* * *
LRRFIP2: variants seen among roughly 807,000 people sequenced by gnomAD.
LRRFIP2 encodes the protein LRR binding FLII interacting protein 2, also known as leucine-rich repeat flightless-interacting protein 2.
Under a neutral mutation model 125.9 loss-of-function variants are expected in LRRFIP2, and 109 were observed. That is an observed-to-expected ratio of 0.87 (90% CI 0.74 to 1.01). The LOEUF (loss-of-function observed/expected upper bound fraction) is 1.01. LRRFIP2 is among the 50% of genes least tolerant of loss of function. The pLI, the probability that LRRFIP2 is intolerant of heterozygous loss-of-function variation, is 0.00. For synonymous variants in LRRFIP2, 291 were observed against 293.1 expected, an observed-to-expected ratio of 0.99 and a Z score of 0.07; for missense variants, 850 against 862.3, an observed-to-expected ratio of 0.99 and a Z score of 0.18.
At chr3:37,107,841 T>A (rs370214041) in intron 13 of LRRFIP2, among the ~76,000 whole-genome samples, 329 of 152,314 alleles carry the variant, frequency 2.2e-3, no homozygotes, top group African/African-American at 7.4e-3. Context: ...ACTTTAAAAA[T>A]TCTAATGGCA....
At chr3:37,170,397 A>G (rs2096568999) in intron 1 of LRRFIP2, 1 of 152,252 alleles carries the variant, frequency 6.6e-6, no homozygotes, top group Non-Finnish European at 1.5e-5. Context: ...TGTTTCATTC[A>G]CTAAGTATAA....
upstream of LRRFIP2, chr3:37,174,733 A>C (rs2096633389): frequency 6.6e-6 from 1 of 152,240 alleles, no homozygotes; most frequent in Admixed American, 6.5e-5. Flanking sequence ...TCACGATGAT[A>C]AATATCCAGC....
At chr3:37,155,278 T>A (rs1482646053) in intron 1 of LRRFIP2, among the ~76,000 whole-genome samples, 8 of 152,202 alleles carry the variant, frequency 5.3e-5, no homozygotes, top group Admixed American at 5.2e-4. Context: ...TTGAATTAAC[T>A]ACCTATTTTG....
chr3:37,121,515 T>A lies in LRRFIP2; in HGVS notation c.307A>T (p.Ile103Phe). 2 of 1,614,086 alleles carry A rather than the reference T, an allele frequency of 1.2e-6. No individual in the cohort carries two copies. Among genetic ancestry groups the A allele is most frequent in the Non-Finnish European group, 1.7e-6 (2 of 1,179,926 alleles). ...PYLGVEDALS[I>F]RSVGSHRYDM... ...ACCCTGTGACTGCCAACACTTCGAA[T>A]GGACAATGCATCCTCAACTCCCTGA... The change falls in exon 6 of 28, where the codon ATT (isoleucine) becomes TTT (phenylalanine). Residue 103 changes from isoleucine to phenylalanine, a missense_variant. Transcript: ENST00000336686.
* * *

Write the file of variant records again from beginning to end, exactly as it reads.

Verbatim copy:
LRRFIP2: variants seen among roughly 807,000 people sequenced by gnomAD.
LRRFIP2 encodes the protein LRR binding FLII interacting protein 2, also known as leucine-rich repeat flightless-interacting protein 2.
Under a neutral mutation model 125.9 loss-of-function variants are expected in LRRFIP2, and 109 were observed. That is an observed-to-expected ratio of 0.87 (90% CI 0.74 to 1.01). The LOEUF (loss-of-function observed/expected upper bound fraction) is 1.01. LRRFIP2 is among the 50% of genes least tolerant of loss of function. The pLI, the probability that LRRFIP2 is intolerant of heterozygous loss-of-function variation, is 0.00. For synonymous variants in LRRFIP2, 291 were observed against 293.1 expected, an observed-to-expected ratio of 0.99 and a Z score of 0.07; for missense variants, 850 against 862.3, an observed-to-expected ratio of 0.99 and a Z score of 0.18.
At chr3:37,107,841 T>A (rs370214041) in intron 13 of LRRFIP2, among the ~76,000 whole-genome samples, 329 of 152,314 alleles carry the variant, frequency 2.2e-3, no homozygotes, top group African/African-American at 7.4e-3. Context: ...ACTTTAAAAA[T>A]TCTAATGGCA....
At chr3:37,170,397 A>G (rs2096568999) in intron 1 of LRRFIP2, 1 of 152,252 alleles carries the variant, frequency 6.6e-6, no homozygotes, top group Non-Finnish European at 1.5e-5. Context: ...TGTTTCATTC[A>G]CTAAGTATAA....
upstream of LRRFIP2, chr3:37,174,733 A>C (rs2096633389): frequency 6.6e-6 from 1 of 152,240 alleles, no homozygotes; most frequent in Admixed American, 6.5e-5. Flanking sequence ...TCACGATGAT[A>C]AATATCCAGC....
At chr3:37,155,278 T>A (rs1482646053) in intron 1 of LRRFIP2, among the ~76,000 whole-genome samples, 8 of 152,202 alleles carry the variant, frequency 5.3e-5, no homozygotes, top group Admixed American at 5.2e-4. Context: ...TTGAATTAAC[T>A]ACCTATTTTG....
chr3:37,121,515 T>A lies in LRRFIP2; in HGVS notation c.307A>T (p.Ile103Phe). 2 of 1,614,086 alleles carry A rather than the reference T, an allele frequency of 1.2e-6. No individual in the cohort carries two copies. Among genetic ancestry groups the A allele is most frequent in the Non-Finnish European group, 1.7e-6 (2 of 1,179,926 alleles). ...PYLGVEDALS[I>F]RSVGSHRYDM... ...ACCCTGTGACTGCCAACACTTCGAA[T>A]GGACAATGCATCCTCAACTCCCTGA... The change falls in exon 6 of 28, where the codon ATT (isoleucine) becomes TTT (phenylalanine). Residue 103 changes from isoleucine to phenylalanine, a missense_variant. Transcript: ENST00000336686.